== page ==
Alexander Johnston Cassatt
Alexander Johnston Cassatt (December 8, 1839 - December 28, 1906) was the seventh president of the Pennsylvania Railroad, serving from June 9, 1899, to December 28, 1906. He was born in Pittsburgh, Pennsylvania. Frequently referred to as “A.J.”, he was the eldest of seven children including a sister, Mary Cassatt, the famed Impressionist painter.
Cassatt joined the PRR in 1861 as an engineer and rapidly rose through the ranks. He was a vice president in 1877 when the Pittsburgh Railway Riots broke out, and by 1880 he had become Pennsy First Vice-President. Cassatt was initially passed over for the presidency, and disappointed, he resigned from the company in 1882.
During his absence from the PRR, he devoted his time to raising horses. However, he still was able to organize a new railroad -- New York, Philadelphia, and Norfolk Railroad (NYP&N), which connected southern markets with the north.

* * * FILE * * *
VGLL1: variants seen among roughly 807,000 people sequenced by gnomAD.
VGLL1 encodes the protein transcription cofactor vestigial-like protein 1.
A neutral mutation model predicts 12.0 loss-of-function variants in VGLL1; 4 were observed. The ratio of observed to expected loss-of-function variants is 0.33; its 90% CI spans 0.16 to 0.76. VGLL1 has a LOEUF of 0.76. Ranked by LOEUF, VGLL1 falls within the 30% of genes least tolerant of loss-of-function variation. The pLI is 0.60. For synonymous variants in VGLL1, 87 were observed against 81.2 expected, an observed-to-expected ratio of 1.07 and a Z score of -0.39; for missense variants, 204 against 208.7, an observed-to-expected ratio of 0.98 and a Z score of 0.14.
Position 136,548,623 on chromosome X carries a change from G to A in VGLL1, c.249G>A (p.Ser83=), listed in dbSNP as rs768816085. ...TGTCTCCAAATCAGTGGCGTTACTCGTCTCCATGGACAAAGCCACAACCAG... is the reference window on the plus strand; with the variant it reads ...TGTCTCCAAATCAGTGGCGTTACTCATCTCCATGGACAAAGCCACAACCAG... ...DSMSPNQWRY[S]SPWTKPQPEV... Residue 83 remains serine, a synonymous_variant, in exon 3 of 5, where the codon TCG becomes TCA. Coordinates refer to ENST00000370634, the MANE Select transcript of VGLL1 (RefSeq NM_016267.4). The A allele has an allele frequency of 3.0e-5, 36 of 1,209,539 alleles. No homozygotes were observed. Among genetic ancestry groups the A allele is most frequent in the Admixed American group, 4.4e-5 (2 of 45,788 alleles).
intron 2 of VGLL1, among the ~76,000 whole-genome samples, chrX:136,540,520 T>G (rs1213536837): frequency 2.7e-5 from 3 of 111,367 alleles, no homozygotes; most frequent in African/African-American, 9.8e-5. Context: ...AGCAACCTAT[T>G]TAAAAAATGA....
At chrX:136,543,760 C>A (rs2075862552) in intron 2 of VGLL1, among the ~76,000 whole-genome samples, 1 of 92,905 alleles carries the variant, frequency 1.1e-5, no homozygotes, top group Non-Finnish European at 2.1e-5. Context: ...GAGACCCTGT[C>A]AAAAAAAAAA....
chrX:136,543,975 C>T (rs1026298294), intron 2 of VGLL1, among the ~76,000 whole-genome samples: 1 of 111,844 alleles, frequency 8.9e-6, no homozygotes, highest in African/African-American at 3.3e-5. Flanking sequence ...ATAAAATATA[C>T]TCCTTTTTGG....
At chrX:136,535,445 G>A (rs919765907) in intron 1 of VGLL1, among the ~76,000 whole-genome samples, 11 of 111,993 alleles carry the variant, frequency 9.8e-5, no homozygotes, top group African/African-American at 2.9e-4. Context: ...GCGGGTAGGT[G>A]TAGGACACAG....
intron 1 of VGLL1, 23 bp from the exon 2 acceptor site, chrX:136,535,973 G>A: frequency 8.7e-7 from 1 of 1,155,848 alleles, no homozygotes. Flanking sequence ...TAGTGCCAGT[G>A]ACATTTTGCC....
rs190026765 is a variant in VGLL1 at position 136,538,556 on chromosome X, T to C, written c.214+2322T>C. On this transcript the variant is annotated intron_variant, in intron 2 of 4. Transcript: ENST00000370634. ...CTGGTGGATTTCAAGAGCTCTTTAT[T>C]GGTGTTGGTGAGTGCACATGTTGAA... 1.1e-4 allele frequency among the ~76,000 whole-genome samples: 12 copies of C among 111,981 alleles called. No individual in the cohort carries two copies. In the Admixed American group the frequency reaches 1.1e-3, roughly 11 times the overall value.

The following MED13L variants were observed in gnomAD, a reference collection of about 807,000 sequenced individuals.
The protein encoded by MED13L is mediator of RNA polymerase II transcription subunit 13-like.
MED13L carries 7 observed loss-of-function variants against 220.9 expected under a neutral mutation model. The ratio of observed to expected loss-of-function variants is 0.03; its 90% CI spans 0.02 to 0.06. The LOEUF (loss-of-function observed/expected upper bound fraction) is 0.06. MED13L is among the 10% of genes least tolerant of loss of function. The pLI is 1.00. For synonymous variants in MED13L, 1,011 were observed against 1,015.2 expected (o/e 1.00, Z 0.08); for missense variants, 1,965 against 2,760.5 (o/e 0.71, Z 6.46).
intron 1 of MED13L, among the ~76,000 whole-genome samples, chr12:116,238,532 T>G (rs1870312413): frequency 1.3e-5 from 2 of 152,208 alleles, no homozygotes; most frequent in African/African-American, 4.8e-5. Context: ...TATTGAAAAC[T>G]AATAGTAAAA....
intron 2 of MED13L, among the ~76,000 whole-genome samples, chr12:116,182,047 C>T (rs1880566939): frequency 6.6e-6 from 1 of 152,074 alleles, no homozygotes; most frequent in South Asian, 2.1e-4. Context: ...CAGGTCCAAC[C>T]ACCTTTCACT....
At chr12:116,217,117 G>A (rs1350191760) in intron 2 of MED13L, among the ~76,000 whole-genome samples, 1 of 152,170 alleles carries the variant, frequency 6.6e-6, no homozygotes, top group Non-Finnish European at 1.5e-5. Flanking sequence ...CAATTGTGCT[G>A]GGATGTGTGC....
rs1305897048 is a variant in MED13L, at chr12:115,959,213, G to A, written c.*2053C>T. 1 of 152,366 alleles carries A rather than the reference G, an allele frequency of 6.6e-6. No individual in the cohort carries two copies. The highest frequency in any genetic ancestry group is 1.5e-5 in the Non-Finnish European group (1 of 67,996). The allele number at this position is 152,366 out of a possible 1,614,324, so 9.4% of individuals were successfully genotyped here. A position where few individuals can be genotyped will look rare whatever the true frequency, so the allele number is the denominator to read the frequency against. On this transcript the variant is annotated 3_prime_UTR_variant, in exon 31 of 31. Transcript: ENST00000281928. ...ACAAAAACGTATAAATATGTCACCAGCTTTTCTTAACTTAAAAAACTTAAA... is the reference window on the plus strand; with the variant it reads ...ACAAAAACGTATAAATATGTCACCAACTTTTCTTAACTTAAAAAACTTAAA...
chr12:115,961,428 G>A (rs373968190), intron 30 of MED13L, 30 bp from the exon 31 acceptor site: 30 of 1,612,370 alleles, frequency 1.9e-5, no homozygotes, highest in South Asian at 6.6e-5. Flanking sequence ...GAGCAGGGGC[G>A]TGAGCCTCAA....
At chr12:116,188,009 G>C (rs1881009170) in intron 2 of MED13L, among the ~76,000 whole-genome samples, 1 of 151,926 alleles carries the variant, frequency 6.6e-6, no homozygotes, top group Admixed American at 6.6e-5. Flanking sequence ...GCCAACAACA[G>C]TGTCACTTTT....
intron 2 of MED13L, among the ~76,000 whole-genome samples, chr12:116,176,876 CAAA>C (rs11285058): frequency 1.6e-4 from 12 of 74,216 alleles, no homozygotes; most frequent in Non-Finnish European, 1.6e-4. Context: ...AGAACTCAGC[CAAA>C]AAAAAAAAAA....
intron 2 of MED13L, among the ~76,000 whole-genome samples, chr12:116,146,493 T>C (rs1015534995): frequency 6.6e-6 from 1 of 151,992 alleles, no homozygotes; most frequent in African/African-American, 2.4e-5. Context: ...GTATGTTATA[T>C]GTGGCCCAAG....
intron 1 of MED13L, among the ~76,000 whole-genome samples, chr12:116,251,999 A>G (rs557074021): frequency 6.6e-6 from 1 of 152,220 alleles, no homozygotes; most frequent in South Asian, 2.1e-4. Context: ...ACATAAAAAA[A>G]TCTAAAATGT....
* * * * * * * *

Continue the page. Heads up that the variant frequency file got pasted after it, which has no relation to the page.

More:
Despite no longer being an executive with PRR, Cassatt was elected to the PRR's board of directors. In 1899, he was recalled to serve as president. During his term, Cassatt more than doubled the PRR's total assets, from $276 million to $594 million, an increase of 115 percent. He increased track and equipment investment by 146 percent. He double-tracked the PRR’s route from New York through Philadelphia to Pittsburgh, and he four-tracked the route to Washington, DC -- Pennsy's "Broad Way." Many other Pennsy lines were double-tracked during Cassatt’s tenure, and almost every part of the system was improved. New freight cutoffs were built to avoid stations, grade crossings were eliminated, and flyovers were built to streamline common paths through junctions.